When massive stars die at the end of their short lives, they light up the cosmos with bright, explosive bursts of light and material known as supernovae. A supernova event is incredibly energetic and intensely luminous — so much so that it forms what looks like an especially bright new star that slowly fades away over time.
These exploding stars glow so incredibly brightly when they first form that they can be spotted from afar using telescopes such as the NASA/ESA Hubble Space Telescope. The subject of this image, a spiral galaxy named NGC 4051 — about 45 million light-years from Earth — has hosted multiple supernovae in past years. The first was spotted in 1983 (SN 1983I), the second in 2003 (SN 2003ie), and the most recent in 2010 (SN 2010br). These explosive events were seen scattered throughout the center and spiral arms of NGC 4051.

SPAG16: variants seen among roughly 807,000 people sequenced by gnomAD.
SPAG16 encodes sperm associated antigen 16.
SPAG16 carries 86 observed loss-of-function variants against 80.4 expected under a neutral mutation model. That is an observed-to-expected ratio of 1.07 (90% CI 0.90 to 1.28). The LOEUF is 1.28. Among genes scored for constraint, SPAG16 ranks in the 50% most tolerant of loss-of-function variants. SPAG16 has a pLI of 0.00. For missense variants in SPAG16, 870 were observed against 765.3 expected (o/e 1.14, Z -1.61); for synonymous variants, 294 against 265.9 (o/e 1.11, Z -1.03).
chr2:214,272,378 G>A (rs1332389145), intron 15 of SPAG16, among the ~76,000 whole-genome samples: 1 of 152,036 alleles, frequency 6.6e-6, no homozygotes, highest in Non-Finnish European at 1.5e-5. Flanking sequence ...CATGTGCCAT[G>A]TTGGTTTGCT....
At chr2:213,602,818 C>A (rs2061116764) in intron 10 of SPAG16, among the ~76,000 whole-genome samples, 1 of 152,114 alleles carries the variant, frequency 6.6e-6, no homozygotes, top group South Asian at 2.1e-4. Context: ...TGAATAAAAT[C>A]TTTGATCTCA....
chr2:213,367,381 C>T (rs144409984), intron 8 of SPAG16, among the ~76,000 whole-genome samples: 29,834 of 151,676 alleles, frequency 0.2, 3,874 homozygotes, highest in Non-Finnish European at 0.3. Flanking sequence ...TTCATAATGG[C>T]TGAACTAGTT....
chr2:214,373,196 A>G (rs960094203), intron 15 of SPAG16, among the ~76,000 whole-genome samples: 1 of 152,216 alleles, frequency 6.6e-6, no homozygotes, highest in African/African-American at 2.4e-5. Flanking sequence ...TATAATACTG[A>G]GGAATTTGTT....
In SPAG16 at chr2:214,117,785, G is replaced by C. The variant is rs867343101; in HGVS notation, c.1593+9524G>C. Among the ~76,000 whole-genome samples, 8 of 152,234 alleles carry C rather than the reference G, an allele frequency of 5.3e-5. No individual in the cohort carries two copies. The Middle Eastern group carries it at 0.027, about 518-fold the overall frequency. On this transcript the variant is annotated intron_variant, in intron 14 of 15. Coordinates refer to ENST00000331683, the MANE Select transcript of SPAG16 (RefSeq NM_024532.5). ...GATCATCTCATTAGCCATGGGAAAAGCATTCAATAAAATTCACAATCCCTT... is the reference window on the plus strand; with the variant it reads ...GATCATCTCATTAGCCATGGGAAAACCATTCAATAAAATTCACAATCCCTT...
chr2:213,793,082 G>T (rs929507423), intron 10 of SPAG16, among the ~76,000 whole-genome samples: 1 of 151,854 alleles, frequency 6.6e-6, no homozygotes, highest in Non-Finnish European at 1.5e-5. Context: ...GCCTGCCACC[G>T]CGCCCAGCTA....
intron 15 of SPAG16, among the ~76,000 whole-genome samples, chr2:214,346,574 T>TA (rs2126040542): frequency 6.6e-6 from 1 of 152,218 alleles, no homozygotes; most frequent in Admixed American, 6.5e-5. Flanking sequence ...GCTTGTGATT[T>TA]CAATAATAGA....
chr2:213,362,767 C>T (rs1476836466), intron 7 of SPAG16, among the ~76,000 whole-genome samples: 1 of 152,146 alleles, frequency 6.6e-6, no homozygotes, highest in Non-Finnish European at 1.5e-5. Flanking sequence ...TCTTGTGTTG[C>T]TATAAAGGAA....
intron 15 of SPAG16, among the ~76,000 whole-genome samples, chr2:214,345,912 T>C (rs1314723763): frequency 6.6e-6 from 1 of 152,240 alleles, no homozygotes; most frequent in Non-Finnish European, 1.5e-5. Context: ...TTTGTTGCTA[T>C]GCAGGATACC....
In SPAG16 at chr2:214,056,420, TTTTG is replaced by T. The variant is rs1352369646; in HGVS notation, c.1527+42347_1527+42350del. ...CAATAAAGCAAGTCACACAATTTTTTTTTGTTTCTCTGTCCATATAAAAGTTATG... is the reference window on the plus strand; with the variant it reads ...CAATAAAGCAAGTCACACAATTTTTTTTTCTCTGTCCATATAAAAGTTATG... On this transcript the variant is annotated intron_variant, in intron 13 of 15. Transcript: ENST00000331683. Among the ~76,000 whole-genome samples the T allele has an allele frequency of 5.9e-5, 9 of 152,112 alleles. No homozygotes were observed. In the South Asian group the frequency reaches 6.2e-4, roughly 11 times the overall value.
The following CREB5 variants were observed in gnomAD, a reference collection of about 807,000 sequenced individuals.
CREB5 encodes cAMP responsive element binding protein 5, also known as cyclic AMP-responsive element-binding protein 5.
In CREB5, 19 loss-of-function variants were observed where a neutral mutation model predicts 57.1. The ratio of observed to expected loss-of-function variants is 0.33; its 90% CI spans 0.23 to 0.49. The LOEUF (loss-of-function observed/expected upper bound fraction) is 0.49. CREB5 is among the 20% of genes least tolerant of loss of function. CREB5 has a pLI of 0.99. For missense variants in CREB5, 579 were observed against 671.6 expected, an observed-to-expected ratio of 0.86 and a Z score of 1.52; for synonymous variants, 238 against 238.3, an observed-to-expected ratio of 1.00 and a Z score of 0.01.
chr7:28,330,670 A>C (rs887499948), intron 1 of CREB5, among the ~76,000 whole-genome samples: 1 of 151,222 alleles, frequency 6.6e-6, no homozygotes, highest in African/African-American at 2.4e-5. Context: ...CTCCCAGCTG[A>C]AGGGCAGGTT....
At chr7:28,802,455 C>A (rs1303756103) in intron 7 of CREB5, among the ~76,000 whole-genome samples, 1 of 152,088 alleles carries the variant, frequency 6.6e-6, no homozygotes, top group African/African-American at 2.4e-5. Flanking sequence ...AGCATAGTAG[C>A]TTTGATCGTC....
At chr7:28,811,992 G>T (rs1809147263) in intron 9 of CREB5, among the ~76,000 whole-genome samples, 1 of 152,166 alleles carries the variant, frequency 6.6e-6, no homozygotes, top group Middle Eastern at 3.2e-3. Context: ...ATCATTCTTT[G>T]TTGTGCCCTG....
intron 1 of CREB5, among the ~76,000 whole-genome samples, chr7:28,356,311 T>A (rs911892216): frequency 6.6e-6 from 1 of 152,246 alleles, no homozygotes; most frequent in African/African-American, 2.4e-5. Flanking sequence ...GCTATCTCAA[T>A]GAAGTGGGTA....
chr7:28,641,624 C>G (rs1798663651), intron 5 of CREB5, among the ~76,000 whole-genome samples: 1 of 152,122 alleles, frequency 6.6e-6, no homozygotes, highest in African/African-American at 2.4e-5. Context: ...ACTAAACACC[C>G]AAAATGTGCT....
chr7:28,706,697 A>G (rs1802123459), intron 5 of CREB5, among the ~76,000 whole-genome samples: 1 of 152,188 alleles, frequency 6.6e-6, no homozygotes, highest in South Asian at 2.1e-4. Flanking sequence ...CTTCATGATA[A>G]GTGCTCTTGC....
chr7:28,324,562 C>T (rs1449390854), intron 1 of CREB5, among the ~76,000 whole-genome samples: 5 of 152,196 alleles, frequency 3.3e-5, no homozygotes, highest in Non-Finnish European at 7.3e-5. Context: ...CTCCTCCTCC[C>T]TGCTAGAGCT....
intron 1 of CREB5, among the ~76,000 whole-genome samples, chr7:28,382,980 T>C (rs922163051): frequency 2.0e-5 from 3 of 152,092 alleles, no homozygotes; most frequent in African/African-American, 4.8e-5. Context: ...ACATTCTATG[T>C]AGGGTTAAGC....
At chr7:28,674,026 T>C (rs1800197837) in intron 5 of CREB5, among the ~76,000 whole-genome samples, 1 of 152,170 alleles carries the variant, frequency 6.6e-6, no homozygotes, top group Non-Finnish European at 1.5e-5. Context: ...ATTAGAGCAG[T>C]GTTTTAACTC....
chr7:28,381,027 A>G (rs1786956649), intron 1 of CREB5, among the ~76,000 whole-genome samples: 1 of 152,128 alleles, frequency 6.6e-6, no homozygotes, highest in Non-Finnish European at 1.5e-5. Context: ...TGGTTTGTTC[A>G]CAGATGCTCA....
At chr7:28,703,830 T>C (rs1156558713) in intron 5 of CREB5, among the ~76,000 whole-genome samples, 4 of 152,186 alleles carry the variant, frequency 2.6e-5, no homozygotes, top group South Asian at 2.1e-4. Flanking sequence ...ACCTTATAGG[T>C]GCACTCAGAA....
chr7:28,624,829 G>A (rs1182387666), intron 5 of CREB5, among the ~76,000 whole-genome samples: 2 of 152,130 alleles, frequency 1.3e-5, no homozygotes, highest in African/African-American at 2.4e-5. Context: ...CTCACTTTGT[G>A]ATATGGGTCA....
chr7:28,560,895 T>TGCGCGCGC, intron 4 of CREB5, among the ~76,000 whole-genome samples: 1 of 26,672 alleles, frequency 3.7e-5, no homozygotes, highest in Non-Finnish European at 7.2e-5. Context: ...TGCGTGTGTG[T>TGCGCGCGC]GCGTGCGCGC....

SN 1983I and SN 2010br were both categorized as Type Ic supernovae. This type of supernova is produced by the core collapse of a massive star that has lost its outer layer of hydrogen and helium, either via winds or by mass transfer to a companion star. Because of this, Type Ic — and also Type Ib — supernovae are sometimes referred to as stripped core-collapse supernovae.
NGC 4501 sits in the southern part of a cluster of galaxies known as the Ursa Major I Cluster. This cluster is especially rich in spirals such as NGC 4051, and is a subset of the larger Virgo Supercluster, which also houses the Milky Way.
Text credit: ESA (European Space Agency)